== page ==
BY THE COURT
insurer who undertakes a defense without an adequate
reservation of rights may thereafter be estopped from
adequate reservation of rights will bar claims of estoppel
based upon the insurance company's assumption of the
Generally, whether estoppel is appropriate in a given
situation is a question of fact, and disputed questions of
fact make summary judgment inappropriate.
determination of adequacy, e.g., timeliness, of the
reservation of rights is a particular question of fact making
the issue unsuitable for summary judgment.
of the judgment of the Court of Appeals in an unpublished
opinion filed December 23, 2015.
from Johnson District Court; James Charles Droege, judge.
J. Wall, of Forbes Law Group, LLC, of Overland Park, argued
the cause, and Matthew T. Geiger and Benjamin R. Prell, of
Geiger Prell, LLC, of Overland Park, and Daniel J. Langin, of
Langin Law Firm, LLC, of Overland Park, were with him on the
briefs for appellant.
C. Morrow, of Morrow Willnauer Klosterman Church, LLC, of
Kansas City, Missouri, argued the cause, and M. Todd Moulder
and Marshall W. Woody, of the same firm, were with him on the
briefs for appellee.
district court granted summary judgment to The Bar Plan
Mutual Insurance Company (The Bar Plan) on Daniel
Becker's insurance coverage dispute with the company. A
Court of Appeals panel affirmed the district court's
decision. Both lower courts essentially concluded that
contrary to Court of Appeals caselaw, Becker was asking for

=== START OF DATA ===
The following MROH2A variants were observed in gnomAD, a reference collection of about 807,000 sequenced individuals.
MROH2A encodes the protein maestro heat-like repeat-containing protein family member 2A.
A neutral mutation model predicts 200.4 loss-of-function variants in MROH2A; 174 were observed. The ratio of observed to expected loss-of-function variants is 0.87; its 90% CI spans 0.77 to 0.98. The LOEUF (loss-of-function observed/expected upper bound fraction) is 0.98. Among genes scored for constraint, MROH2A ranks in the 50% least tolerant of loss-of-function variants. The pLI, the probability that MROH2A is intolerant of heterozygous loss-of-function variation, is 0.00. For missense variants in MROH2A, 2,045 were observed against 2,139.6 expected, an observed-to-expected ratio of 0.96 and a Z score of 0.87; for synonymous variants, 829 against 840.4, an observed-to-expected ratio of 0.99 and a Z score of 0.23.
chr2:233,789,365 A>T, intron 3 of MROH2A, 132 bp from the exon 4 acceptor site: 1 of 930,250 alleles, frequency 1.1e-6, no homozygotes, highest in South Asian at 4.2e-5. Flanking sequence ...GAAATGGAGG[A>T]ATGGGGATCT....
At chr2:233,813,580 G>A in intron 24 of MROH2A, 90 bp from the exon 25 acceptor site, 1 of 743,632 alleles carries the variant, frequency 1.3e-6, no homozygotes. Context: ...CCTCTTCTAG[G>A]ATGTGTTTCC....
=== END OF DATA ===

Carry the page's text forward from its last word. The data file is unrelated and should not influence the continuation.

the coverage to be expanded beyond the insurance
that both lower courts erred. Stated simply, they were wrong
to rely upon "expansion of coverage" caselaw-and
under the correct caselaw, questions of fact remain which are
inappropriate for summary judgment. So we reverse both lower
courts' decisions and remand to the district court for
and Procedural Background
March 2010 and March 2012, Becker made a series of loans
totaling $5, 569, 000 to Professional Cleaning and Innovative
Services, Inc. (PCI). The business was owned by Brenda Wood.
hired Sheila Seck and her law firm, Seck and Associates, LLC,
to represent him in these loan transactions. But Seck failed
to perform a UCC search on the collateral that Wood provided
to secure Becker's loans. Consequently, Becker did not
know Wood's collateral was already subject to a properly
filed security interest of lender Farmers Bank. Becker would
not have made the loans had he known of the bank's
superior position. The PCI business eventually soured, and
Wood's shaky financial situation was exposed. But Becker
continued to make loans in a last-ditch effort to help Wood
save the business.
December 2011 Becker finally discovered the Farmers Bank UCC
security interest filing, which dated back to 2007. Becker
and Seck traded emails, with Becker asking why she had not
found the prior filing and expressing his displeasure at her
in Becker's February 6, 2012 email he fired Seck as
counsel. He pointed out the errors that Seck had made:
"I have found and been advised of two monumental errors
on your part. The first is an error in the UCC filing, where
Brenda [Wood] pledged 900 shares and you filed 500. The
second is the lack of diligence and attention in bothering to
check to see if someone else had a lien on Brenda's
. . . .
"I found and [sic] amazing lack of concern,
diligence, prudence and ability to think outside the box in
the performance of your services."
concluded his email with a request that Seck inquire of her
"Pls [sic] forward my file or bring it over
when you get the chance. I would also appreciate your inquiry
with your Insurance carrier, as I have yet not quantified